Wolfe was pleased to hear it and immediately thought, “Oh, I’m getting her a little dog.”

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Wolfe waited for the perfect one to come in, and she found it after a family brought in two dogs after their owner had passed away. One of the dogs was a “fat little three-legged Chihuahua” that was housetrained and extremely friendly.

Wolfe called McCloskey and let her know that she had the perfect dog for her.

“She said, ‘OK,’ and her daughter and niece brought her in and brought the carrier," Wolfe said. "And what I loved about this was just this trust. She doesn’t know me, but I told her I would find her the right dog. So she came in with the carrier ready to take this dog home because it needed a home.”

According to McCloskey, the fact that the dog was missing a leg didn’t bother her at all.

“Nope, didn’t bother me. I didn’t even ask how old she was. I didn’t ask any questions as far as that. She said she had a little Chihuahua, and she said she had just three legs. I could have cared less,” McCloskey said. “I just knew she needed somebody, and I needed somebody.”

The dog not only has been perfect for her, she said, but the dog also has been an inspiration. Two days after the adoption, McCloskey fractured her collarbone. Seeing her dog, Pippi, 7, running around with only three legs and doing everything a four-legged dog does, she said, motivated her to overcome her injury.

“If she could do it, I managed to. Oh my goodness, she inspired me. She’d inspire anybody,” McCloskey said.

Senior adoptions

According to Wolfe, isolation is common even without a pandemic, and having a pet, she said, can significantly improve a person’s quality of life. It gives them a purpose.

“I think it really extends people’s lives by having some company. It’s so important, someone to care for, a purpose, a reason you have to get up in the morning because you have to feed this dog or cat. You have to let them out. You have to do all this stuff, so it’s really great,” Wolfe said.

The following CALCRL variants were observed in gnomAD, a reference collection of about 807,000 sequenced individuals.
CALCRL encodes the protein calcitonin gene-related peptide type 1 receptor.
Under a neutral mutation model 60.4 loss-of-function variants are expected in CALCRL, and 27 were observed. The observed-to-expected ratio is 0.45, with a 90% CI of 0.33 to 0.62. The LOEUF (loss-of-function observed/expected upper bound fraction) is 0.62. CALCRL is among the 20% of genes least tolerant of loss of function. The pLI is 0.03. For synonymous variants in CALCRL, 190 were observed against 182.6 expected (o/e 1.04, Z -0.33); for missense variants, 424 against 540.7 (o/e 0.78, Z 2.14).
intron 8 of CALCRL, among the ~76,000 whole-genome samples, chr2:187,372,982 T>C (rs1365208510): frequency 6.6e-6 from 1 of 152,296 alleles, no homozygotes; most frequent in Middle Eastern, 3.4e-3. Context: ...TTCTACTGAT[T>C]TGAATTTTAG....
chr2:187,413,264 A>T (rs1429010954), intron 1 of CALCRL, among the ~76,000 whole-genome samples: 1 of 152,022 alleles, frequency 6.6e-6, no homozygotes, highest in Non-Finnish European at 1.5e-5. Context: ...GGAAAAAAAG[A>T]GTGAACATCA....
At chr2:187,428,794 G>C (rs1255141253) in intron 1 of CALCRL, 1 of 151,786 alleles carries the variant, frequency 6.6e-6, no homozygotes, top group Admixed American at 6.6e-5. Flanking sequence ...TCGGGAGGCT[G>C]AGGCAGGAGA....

When it comes to seniors adopting pets, Wolfe said sometimes there’s hesitation as maybe the senior’s family feels like a pet is too much for their aging parent, or they’re concerned about what will happen to the pet after the senior passes away.

As long as a senior is capable of taking care of a cat or dog, Wolfe said the fact that a pet may realistically outlive its senior owner shouldn’t keep them from adopting.

“They always talk about, ‘Well, what’s going to happen to the animal if something happens to the person?’ Nobody knows what’s going to happen to them. I could walk in front of a bus, and there’s four animals in my house,” she said.

Ideally, Wolfe said the family of the senior would commit to taking care of the pet should its owner pass away. However, that can't always be the case, and the shelter does get animals surrendered whose owners have died. In a lot of those cases, the animals also are senior animals, which are harder to get adopted.

Because of that, Wolfe said a senior may think about adopting a younger pet. That way, if the owner does pass away and the pet gets surrendered, a younger pet is more likely to get adopted faster.

Despite it all, Wolfe was confident that there were more pros to seniors adopting pets than cons, and watching the recent seniors fall in love with their new pets, she said, proved that.

“You just hear this joy. This is the best part of my job. I don’t get to do it that often, but man, when I do it’s so much fun. It really makes you feel like we’re doing our mission, and that’s uniting pets with families,” Wolfe said.